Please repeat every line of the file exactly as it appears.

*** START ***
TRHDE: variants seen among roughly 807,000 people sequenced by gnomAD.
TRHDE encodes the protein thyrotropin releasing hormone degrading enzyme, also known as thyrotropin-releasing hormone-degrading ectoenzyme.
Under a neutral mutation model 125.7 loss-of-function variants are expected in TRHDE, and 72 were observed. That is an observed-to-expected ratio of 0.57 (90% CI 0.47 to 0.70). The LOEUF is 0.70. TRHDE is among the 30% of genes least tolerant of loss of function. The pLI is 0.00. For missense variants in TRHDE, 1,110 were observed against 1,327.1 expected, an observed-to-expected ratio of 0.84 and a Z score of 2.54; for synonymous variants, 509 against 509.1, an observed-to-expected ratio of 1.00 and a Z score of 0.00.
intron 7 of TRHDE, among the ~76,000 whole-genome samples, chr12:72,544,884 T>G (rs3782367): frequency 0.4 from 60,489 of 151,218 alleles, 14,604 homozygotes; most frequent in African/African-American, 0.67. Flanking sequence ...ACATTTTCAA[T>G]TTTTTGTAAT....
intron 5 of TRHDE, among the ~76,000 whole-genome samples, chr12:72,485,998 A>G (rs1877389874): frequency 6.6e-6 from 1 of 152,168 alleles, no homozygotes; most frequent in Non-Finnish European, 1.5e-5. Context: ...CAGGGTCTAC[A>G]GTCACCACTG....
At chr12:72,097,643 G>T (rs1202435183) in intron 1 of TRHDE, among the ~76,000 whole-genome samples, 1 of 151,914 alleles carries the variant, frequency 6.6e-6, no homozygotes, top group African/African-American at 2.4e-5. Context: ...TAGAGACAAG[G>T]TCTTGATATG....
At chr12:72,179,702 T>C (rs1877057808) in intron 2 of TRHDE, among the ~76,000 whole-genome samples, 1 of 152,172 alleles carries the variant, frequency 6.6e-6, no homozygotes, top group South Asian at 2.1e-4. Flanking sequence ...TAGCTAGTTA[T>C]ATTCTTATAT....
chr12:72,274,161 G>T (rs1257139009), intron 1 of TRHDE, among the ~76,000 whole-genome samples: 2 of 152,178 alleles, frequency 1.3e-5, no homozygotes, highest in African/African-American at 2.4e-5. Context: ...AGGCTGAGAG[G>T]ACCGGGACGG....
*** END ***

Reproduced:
TRHDE: variants seen among roughly 807,000 people sequenced by gnomAD.
TRHDE encodes the protein thyrotropin releasing hormone degrading enzyme, also known as thyrotropin-releasing hormone-degrading ectoenzyme.
Under a neutral mutation model 125.7 loss-of-function variants are expected in TRHDE, and 72 were observed. That is an observed-to-expected ratio of 0.57 (90% CI 0.47 to 0.70). The LOEUF is 0.70. TRHDE is among the 30% of genes least tolerant of loss of function. The pLI is 0.00. For missense variants in TRHDE, 1,110 were observed against 1,327.1 expected, an observed-to-expected ratio of 0.84 and a Z score of 2.54; for synonymous variants, 509 against 509.1, an observed-to-expected ratio of 1.00 and a Z score of 0.00.
intron 7 of TRHDE, among the ~76,000 whole-genome samples, chr12:72,544,884 T>G (rs3782367): frequency 0.4 from 60,489 of 151,218 alleles, 14,604 homozygotes; most frequent in African/African-American, 0.67. Flanking sequence ...ACATTTTCAA[T>G]TTTTTGTAAT....
intron 5 of TRHDE, among the ~76,000 whole-genome samples, chr12:72,485,998 A>G (rs1877389874): frequency 6.6e-6 from 1 of 152,168 alleles, no homozygotes; most frequent in Non-Finnish European, 1.5e-5. Context: ...CAGGGTCTAC[A>G]GTCACCACTG....
At chr12:72,097,643 G>T (rs1202435183) in intron 1 of TRHDE, among the ~76,000 whole-genome samples, 1 of 151,914 alleles carries the variant, frequency 6.6e-6, no homozygotes, top group African/African-American at 2.4e-5. Context: ...TAGAGACAAG[G>T]TCTTGATATG....
At chr12:72,179,702 T>C (rs1877057808) in intron 2 of TRHDE, among the ~76,000 whole-genome samples, 1 of 152,172 alleles carries the variant, frequency 6.6e-6, no homozygotes, top group South Asian at 2.1e-4. Flanking sequence ...TAGCTAGTTA[T>C]ATTCTTATAT....
chr12:72,274,161 G>T (rs1257139009), intron 1 of TRHDE, among the ~76,000 whole-genome samples: 2 of 152,178 alleles, frequency 1.3e-5, no homozygotes, highest in African/African-American at 2.4e-5. Context: ...AGGCTGAGAG[G>T]ACCGGGACGG....